The Two Apes of Brueghel (1957), Wisława Szymborska (1923-2011)
So appears my big graduation exam dream:
In a window sit two monkeys fixed by chains,
Beyond the window the sky flies
And the sea splashes.
The subject is the history of mankind.
I stammer and flail.
One monkey, gazing at me, ironically listens,
The second seems to doze –
But when after a question comes silence,
It prompts me
By softly clinking the chain.
Translation from the Polish by yours truly.
All I have to say about this poem is that a monkey rattling a chain is never a good thing, especially at a thesis committee update. See the original Brueghel painting here.
From the greatest science poem ever written, Lucretius’ The Nature of Things. The first stanza sets up the second, Lucretius’ rationale for doing, if you’ll forgive me the anachronism, science.
Sooner of later, you will seek to break away from me,
Won over by doomsayer-prophets. They can, certainly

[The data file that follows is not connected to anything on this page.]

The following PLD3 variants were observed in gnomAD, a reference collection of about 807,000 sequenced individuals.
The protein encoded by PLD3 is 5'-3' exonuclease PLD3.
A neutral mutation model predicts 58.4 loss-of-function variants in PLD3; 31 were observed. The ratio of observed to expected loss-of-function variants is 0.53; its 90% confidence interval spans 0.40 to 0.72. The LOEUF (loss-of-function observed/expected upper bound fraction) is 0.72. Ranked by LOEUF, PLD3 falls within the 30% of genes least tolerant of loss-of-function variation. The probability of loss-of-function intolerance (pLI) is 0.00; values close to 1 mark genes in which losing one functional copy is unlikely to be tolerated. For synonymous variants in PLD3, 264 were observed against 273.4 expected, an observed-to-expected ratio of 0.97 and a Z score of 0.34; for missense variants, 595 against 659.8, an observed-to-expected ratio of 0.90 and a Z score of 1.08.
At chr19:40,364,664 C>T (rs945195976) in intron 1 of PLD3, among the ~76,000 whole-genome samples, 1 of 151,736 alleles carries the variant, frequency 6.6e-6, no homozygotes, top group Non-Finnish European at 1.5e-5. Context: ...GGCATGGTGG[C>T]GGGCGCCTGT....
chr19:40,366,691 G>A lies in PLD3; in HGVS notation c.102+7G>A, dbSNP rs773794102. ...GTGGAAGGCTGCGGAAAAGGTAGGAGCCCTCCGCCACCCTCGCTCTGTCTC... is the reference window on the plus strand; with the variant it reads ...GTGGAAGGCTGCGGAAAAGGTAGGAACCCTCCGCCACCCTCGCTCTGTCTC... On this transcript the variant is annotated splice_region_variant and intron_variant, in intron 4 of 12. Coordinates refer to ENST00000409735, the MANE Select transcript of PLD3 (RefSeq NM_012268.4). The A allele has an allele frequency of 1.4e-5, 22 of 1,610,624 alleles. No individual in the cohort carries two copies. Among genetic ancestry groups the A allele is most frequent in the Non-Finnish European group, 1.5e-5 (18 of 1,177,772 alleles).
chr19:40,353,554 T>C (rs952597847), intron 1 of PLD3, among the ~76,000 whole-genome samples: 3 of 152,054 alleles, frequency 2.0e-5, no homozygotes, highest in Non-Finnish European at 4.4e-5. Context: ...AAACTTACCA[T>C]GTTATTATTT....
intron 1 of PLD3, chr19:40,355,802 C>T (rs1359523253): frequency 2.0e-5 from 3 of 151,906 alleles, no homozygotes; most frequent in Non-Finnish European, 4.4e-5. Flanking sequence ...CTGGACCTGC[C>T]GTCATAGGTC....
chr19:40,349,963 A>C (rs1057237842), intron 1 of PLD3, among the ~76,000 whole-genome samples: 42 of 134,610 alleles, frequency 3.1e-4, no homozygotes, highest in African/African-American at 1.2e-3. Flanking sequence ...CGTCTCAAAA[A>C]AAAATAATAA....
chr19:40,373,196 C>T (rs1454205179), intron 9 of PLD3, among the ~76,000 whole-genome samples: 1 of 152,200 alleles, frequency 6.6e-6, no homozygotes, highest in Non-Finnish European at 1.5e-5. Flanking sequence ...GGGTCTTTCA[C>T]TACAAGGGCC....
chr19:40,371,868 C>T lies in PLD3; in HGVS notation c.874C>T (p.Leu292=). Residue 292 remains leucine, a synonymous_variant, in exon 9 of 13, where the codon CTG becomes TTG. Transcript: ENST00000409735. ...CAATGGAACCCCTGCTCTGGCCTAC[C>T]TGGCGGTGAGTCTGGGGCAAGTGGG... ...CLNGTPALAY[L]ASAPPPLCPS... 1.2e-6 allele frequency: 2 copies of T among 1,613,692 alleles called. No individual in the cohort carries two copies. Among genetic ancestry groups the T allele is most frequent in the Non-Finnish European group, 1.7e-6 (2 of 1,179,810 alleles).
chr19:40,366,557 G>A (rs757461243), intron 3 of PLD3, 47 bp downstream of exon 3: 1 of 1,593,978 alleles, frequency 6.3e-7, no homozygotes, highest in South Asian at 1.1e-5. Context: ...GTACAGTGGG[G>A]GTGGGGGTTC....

Conjure up for you enough of nightmares to capsize
Life’s order, and churn all your fortunes with anxieties.
No wonder. For if men saw that there was an end in sight
To trials and tribulations, they would find the power to fight
Against the superstitions and the threats of priests. But now
They have no power to resist, no way to reason how,
For after death there looms the dread of punishment for the whole
Of eternity, since we don’t know the nature of the soul:
Is the soul born? Or does it enter us at our first breath?
And does it die with us, and is it broken down at death? Continue reading “Sunday Poem”
Phosphor Reading By His Own Light
It is difficult to read. The page is dark.
Yet he knows what it is that he expects.
The page is blank or a frame without a glass
Or a glass that is empty when he looks.
The greenness of night lies on the page and goes
Down deeply in the empty glass…
Look, realist, not knowing what you expect.
The green falls on you as you look,
Falls on and makes and gives, even a speech.
And you think that that is what you expect,
That elemental parent, the green night,
Teaching a fusky alphabet.
– Wallace Stevens
Stevens is not easy, but he repays the effort with his remarkable word choice and fierce cognitive engagement. Of particular interest to the scientifically inclined, his poems are often about the intersection between our minds and reality – clearly a theme in this poem. (Maybe this poem is also about you, trying to read this poem.) As he once wrote, “Poetry is a response to the daily necessity of getting the world right.”